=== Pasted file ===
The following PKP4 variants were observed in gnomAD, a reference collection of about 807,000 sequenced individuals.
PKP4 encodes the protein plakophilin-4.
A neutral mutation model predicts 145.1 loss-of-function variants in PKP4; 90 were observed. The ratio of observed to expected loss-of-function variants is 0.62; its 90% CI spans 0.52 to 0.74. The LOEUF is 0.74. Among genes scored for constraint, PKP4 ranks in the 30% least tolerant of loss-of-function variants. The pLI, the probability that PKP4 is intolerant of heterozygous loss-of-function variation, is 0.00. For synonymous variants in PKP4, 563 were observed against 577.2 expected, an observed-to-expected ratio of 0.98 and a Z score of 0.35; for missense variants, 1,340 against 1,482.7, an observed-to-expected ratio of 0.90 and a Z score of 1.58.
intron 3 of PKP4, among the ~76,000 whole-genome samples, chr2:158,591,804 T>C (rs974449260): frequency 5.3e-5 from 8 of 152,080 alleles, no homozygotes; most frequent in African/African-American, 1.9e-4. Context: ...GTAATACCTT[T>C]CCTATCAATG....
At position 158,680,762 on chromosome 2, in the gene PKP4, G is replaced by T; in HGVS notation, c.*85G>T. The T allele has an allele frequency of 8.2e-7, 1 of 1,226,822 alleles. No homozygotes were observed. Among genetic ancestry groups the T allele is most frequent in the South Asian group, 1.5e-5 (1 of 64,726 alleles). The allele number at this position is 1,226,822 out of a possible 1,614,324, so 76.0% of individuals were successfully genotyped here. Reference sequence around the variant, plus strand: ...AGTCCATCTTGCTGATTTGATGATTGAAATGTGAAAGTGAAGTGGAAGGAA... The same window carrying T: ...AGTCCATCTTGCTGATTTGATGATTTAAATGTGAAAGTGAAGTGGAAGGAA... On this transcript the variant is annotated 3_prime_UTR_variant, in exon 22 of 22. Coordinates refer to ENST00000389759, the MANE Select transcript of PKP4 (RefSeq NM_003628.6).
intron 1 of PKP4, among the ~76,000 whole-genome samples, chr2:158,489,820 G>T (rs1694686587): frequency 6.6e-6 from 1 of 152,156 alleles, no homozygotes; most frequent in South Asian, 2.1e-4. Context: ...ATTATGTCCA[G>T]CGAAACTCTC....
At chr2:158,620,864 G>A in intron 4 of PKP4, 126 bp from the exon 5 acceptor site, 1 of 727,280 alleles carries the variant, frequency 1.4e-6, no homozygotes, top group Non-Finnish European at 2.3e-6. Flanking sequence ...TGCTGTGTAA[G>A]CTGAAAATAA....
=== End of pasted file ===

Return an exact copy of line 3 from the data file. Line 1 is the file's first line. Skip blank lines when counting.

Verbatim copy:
A neutral mutation model predicts 145.1 loss-of-function variants in PKP4; 90 were observed. The ratio of observed to expected loss-of-function variants is 0.62; its 90% CI spans 0.52 to 0.74. The LOEUF is 0.74. Among genes scored for constraint, PKP4 ranks in the 30% least tolerant of loss-of-function variants. The pLI, the probability that PKP4 is intolerant of heterozygous loss-of-function variation, is 0.00. For synonymous variants in PKP4, 563 were observed against 577.2 expected, an observed-to-expected ratio of 0.98 and a Z score of 0.35; for missense variants, 1,340 against 1,482.7, an observed-to-expected ratio of 0.90 and a Z score of 1.58.